Notes
1 MacCaffrey 2008
2 Jordan 1970 p. 20; Hoak 1976 p. 124; Alford 2002 p. 156
3 Beer 1973 p. 135
4 Adams 2008
5 Adams 2008
6 Brennan 2006 p. 22

Sources:
Adams, Simon (2008): ‟Sidney, Mary, Lady Sidney (1530×35–1586)“. Oxford Dictionary of National Biography. Online edition.

Alford, Stephen (2002): Kingship and Politics in the Reign of Edward VI. Cambridge University Press.

Beer, B. L. (1973): Northumberland: The Political Career of John Dudley, Earl of Warwick and Duke of Northumberland. The Kent State University Press.

Brennan, Michael (2006): The Sidneys of Penshurst and the Monarchy, 1500-1700. Ashgate.

Hoak, Dale (1976): The King’s Council in the Reign of Edward VI. Cambridge University Press.

Hoak, Dale (2008): “Edward VI (1537–1553)”. Oxford Dictionary of National Biography. Online edition.

Jordan, W. K. (1970): Edward VI: The Threshold of Power. The Dominance of the Duke of Northumberland. George Allen & Unwin.

MacCaffrey, Wallace (2008): “Sidney, Sir Henry (1529–1586)”. Oxford Dictionary of National Biography. Online edition.

John Dudley’s Youth: In Kent, at Court, in France

Edmund Dudley’s decapitated body was buried in the precincts of the Blackfriars monastery in the west of the City of London. Fifteen months later, in November 1511, his widow remarried, on the king’s command; the lucky bridegroom was Arthur Plantagenet, Henry VIII’s uncle of illegitimate birth. He received a good share of Edmund Dudley’s confiscated lands, but did not succeed in becoming his stepchildren’s guardian, a circumstance which left him somewhat disgruntled.1 Instead Sir Edward Guildford petitioned for and received John Dudley’s wardship. At the same time, in February 1512, Edmund Dudley’s attainder was annulled by a parliamentary statute and his son was restored “in name and blood”. The king was hoping for the good services “which the said John Dudley is likely to do”.2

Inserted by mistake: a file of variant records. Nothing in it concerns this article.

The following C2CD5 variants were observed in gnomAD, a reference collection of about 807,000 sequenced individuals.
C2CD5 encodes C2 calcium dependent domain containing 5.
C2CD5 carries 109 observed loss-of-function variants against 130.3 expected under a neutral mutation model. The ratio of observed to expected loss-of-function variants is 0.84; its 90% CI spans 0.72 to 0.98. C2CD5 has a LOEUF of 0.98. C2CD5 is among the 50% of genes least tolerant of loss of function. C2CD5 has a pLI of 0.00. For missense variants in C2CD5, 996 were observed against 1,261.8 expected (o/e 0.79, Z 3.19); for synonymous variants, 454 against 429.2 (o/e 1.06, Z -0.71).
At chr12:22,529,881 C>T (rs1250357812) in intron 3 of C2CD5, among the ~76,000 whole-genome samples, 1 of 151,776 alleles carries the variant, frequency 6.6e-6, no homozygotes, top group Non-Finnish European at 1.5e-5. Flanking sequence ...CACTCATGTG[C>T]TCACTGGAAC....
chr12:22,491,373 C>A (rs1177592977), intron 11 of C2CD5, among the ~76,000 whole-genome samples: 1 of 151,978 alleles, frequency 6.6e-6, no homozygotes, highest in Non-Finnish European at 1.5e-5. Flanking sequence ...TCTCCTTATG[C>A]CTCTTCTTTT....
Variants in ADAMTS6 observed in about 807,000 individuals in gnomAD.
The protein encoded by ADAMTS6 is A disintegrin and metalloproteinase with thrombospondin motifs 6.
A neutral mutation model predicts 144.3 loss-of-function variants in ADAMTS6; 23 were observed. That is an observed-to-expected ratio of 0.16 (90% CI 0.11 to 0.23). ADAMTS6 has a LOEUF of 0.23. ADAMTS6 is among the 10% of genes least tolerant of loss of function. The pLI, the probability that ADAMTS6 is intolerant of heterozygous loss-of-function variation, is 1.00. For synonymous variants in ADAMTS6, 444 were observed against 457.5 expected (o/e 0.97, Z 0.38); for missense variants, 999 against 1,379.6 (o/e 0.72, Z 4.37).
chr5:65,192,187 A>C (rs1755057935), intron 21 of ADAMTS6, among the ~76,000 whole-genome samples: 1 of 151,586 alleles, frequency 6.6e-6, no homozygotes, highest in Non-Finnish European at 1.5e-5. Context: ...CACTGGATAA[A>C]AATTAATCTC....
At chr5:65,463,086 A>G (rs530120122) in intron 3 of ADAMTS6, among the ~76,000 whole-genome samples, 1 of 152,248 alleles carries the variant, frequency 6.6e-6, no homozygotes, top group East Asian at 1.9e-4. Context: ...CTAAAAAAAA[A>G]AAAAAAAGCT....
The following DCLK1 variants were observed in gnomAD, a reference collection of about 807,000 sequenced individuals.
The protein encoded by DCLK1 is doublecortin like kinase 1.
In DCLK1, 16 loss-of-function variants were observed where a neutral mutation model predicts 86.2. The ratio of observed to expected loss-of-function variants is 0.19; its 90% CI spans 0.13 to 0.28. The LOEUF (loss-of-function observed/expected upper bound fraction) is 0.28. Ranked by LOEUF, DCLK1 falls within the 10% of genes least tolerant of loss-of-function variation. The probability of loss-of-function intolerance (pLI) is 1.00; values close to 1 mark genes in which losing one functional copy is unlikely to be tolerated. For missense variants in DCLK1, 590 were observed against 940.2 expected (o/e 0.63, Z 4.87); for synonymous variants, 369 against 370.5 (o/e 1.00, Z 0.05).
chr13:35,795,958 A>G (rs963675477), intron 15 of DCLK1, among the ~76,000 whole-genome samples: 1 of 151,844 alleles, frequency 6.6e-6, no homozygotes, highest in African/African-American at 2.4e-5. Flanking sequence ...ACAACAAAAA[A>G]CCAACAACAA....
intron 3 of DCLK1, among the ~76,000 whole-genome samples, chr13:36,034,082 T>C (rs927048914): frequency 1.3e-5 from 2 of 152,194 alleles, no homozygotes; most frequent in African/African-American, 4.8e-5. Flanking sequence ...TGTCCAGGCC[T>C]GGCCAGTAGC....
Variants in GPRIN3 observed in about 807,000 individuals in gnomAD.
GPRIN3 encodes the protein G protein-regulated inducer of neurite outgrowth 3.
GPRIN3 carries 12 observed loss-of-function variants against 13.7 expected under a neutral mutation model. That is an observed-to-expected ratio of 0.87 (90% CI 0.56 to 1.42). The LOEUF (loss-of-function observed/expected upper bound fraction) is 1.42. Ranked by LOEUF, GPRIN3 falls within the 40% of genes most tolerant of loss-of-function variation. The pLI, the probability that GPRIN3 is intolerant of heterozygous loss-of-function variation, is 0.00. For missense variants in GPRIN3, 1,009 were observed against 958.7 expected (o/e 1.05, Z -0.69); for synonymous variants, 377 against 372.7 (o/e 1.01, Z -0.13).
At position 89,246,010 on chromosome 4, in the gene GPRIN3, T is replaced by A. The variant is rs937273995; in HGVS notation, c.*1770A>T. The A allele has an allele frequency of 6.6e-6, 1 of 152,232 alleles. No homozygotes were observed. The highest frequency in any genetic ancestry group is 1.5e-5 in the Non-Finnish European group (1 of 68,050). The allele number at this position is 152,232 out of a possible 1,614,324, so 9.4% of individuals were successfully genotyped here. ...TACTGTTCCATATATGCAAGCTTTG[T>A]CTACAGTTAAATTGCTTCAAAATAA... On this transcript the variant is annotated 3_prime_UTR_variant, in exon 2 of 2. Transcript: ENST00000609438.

Henry Guildford, Edward's half-brother. His appearance gives an idea of 1520s court fashion.